little_boy_sweeping.jpg.662x0_q70_crop-scaleAsk any parent around what they want for their kids, usually the first thing they say is that they want them to be happy and when you probe a bit more it is quickly followed up with to do well at school, stay out of trouble and to be successful. Much of parenting is hit and miss. Everyone does it slightly differently and we are all hoping to get to the end goal of successful kids.

Science can help. Harvard has done one of the longest studies ever conducted and looks just at this question: what makes a successful adult, what do they have in common over their childhood? What are the factors that predict success? Most of it comes down to their parents which isn’t very surprising. There may be no complete instruction manual but these 11 points are pretty spot on I believe. They are topics I’ve discussed with parents and written on over the years and it is affirming to see them backed up by the science.

  1. They make their kids do chores.

Whether those chores are to tidy their room, wash their laundry, clean up their dishes, wash the car, empty the bin the science says that by doing chores they realise that I have to do the work of life in order to be part of life. If they are not doing these chores it means a parent is doing it for them. They do not learn how to work as a team, be responsible. Julie Lythcott-Haims, Stanford University, sums this up nicely when she says ‘by not doing them they are absolved of not only the work, but of learning that work has to be done and that each one of us must contribute for the betterment of the whole’. She believes that kids ‘raised on chores go on to become employees who collaborate well with their co-workers, are more empathetic because they know firsthand what struggling looks like, and are able to take on tasks independently.’ You never realized that by insisting and expecting your kids to do chores that this could influence their future to such a degree, did you.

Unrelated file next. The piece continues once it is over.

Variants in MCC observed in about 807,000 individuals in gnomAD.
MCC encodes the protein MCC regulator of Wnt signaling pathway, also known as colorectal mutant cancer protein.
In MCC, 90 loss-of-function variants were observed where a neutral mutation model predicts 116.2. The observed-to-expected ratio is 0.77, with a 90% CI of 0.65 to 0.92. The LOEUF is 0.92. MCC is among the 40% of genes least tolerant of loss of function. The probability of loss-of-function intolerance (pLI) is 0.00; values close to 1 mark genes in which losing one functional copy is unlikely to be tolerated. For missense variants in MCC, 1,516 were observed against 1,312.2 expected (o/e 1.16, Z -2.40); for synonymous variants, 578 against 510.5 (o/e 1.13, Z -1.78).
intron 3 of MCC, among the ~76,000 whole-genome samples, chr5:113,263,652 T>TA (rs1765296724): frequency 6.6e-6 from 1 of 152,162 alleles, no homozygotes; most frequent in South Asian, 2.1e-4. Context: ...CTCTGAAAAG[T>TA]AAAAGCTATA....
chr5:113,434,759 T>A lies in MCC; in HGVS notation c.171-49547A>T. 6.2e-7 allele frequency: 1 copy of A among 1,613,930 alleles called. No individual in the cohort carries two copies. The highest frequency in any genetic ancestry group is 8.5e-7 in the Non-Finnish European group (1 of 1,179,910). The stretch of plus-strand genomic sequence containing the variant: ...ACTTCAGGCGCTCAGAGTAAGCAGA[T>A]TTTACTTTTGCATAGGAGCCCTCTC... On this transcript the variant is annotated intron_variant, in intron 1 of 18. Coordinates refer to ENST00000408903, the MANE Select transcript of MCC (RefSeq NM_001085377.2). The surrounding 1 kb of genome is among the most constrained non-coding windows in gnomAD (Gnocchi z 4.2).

1. They teach their kids social skills.

Kids need to learn social skills and these consist on cooperating with their peers without being asked, being helpful to others, understanding their own feelings and being able to resolve problems on their own like going to their teachers and discussing problems. Not only do they need to learn these, they need practice throughout their childhood to give them the confidence to deal with other people and be successful in their job and relationships with family and friends.

Science has linked social skills to being successful in university and gaining jobs.   Science and psychology gives us evidence that developing social skills and emotional skills is one of the most important things a parent can do for their future. These are only two of the 11 points from the science of successful kids, two worth considering how you are travelling as a parent and focusing on in the next month.

 

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